Another Place, Another Promise, Another Paradise? Another Perspective on Black Migration, Promised Lands, and Paradises

By J, Thomas | Afro-Americans in New York Life and History, July 31, 2001 | Go to article overview

Another Place, Another Promise, Another Paradise? Another Perspective on Black Migration, Promised Lands, and Paradises


J, Thomas, Afro-Americans in New York Life and History


Another Place, Another Promise, Another Paradise? Another Perspective on Black Migration, Promised Lands, and Paradises

Like other Americans, African Americans have ever been on the move. That is how blacks got to America to begin, after all. As in the infamous Middle Passage from Africa to America, blacks moved not always by choice. Nevertheless, almost from the start of European colonies in North America, blacks took part in the mobility that became characteristic of America. In the aggregate and as individuals, blacks moved to and fro, from region to region, from countryside to city, and betwixt and between. Not in unison with the general population, but not necessarily in contrast to it, blacks moved to dodge dangers and to meet desires.(2)

Blacks' geographic movement too often has been less than explicitly or fully integrated into what scholars and commentators have described as African American history.(3) The shift of the bulk of black population from the upper South to the lower South, for example, formed a major development in African American history from 1800 to 1860. King Cotton's rise in the Gulf and southwestern states pulled blacks from tobacco planting on the Atlantic seaboard. While commonly noticed as occurring, what the shift south and west meant for blacks in the aggregate and as individuals has been less commonly noted as a prominent pattern. The horrors of being "sold South" and the terrors of black life in the "Deep South" early became axioms in African American history, but the connection between the black population movement and the detailed development of black reality has itself not been sufficiently developed.(4)

Similarly, the movement of thousands of blacks out of the South to the North and West from 1800 to 1860 has received mention. But too often it has stood as a separate phenomenon, not as something integral to black life and development. This more voluntary movement in flight from slavery, while occurring with increasing intensity between 1830 and 1860, represented a persistent flow that certainly affected the shape and substance of black life. Such effects have been less noted than the so-called Underground Railroad that helped some slaves beyond slaveholders' reach. Who ran from where to where certainly affected the character of the black population at both the point of departure and point of arrival. Yet massive as it was, blacks' stealing themselves out of the South and the Peculiar Institution has appeared isolated from its demographic impact and its shaping of blacks' internal and external social realities.(5)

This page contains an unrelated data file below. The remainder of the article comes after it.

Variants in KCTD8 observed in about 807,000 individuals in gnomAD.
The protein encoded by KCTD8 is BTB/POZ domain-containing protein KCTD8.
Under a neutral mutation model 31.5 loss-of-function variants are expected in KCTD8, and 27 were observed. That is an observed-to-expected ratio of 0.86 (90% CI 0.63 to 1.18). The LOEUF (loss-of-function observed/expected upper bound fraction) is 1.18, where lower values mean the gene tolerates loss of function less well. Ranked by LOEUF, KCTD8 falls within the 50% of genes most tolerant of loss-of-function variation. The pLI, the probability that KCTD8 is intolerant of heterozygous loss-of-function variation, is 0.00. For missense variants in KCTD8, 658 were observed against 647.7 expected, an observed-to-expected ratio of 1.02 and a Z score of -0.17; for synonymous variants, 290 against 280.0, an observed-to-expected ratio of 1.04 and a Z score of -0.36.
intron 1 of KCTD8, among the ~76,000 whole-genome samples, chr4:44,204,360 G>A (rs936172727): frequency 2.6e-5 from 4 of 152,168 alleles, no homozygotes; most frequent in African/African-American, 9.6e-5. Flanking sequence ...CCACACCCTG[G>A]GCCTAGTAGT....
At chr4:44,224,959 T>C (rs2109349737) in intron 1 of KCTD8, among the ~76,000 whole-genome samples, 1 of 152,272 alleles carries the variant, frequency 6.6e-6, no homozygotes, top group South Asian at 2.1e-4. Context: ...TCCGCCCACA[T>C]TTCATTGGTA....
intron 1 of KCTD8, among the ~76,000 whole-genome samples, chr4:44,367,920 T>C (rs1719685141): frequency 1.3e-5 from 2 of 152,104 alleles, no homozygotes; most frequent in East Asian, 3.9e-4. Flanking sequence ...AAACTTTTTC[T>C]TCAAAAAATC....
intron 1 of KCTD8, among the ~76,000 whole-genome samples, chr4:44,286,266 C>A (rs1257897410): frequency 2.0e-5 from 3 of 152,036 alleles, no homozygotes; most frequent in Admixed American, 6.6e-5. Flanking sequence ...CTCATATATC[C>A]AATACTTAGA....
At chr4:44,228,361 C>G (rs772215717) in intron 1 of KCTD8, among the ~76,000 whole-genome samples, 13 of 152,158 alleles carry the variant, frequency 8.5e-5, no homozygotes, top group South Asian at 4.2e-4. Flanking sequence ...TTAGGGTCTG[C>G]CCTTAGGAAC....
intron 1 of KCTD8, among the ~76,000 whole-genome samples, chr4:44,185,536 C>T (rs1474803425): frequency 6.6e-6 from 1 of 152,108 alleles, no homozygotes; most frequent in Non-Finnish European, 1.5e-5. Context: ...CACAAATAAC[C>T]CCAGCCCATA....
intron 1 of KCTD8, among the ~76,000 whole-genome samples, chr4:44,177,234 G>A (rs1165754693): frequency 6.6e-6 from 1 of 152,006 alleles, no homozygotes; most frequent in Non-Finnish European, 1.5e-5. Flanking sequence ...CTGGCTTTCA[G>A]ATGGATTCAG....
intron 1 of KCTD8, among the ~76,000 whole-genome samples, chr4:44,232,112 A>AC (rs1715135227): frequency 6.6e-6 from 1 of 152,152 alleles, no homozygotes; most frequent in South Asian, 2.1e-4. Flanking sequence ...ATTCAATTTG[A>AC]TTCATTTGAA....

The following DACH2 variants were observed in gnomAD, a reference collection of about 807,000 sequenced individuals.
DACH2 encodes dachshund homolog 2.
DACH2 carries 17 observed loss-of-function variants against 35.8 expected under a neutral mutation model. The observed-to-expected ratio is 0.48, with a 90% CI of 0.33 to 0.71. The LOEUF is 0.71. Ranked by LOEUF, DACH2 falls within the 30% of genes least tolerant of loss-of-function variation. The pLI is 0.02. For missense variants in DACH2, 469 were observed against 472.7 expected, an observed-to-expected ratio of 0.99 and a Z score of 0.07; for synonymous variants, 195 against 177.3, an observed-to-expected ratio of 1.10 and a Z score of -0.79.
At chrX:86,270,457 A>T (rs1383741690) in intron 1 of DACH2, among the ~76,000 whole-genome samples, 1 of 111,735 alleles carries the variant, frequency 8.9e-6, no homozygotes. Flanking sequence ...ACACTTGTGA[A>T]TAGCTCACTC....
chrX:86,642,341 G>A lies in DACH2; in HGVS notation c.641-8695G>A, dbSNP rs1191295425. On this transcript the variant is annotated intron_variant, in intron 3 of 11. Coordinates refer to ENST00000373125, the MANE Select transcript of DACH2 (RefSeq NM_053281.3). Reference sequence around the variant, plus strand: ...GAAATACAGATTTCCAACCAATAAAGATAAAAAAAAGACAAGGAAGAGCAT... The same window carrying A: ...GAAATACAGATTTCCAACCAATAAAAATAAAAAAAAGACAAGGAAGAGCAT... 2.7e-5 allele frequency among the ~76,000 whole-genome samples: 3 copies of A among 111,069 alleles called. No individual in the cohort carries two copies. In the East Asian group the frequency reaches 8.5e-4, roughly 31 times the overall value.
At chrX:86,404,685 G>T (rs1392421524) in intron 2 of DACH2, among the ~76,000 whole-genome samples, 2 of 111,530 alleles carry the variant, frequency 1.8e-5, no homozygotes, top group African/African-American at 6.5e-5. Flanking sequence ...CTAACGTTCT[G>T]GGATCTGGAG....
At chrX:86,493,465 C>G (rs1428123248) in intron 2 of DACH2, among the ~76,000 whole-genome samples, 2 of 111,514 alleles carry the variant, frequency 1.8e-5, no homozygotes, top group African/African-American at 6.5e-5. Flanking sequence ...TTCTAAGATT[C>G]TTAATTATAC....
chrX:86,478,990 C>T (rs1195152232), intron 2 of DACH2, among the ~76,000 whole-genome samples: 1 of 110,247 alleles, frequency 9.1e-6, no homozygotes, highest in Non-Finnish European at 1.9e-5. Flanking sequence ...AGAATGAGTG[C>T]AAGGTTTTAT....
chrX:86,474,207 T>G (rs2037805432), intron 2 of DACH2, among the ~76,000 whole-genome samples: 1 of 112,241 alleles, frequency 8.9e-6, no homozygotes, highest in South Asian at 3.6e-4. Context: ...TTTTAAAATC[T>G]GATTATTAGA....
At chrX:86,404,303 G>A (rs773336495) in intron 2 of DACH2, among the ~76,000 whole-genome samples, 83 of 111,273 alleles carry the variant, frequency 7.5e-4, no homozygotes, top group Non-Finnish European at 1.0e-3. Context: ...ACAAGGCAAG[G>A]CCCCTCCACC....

Another major movement occurred at the end of the Civil War (1861-1865). Indeed, major changes occurred in the location of the African American population and concomitantly in its structure. Moving was a means for many blacks to measure their emancipation, and part of their mobility entailed restructuring their lives particularly in regard to family, work, and church. As historian Peter Kolchin noted in his study of blacks' responses to emancipation in Alabama, their immediate priorities attached to "forming their own churches, seeking to improve their position vis-à-vis their planter employers, becoming active politically, acting to strengthen the family as a social unit" and "supporting the education of their children".(6)

General emancipation fostered a city-ward movement for blacks.(7) However the black population had already evidenced a significant urban leaning that cast the post-bellum move to cities more as a recovery from an interruption than the start of a wholly new pattern. Blacks were at least as urban as whites during the new nation's first generations. Indeed, during the colonial period, blacks were even more urban than the white population. Cities, North and South, were prime sites for slaves.(8) And free blacks strongly preferred urban areas: They were probably the most urbanized of any group. It appeared that when given choice, blacks chose city over countryside, although from 1840 to 1860 a relative decline appeared in blacks' urbanization. …

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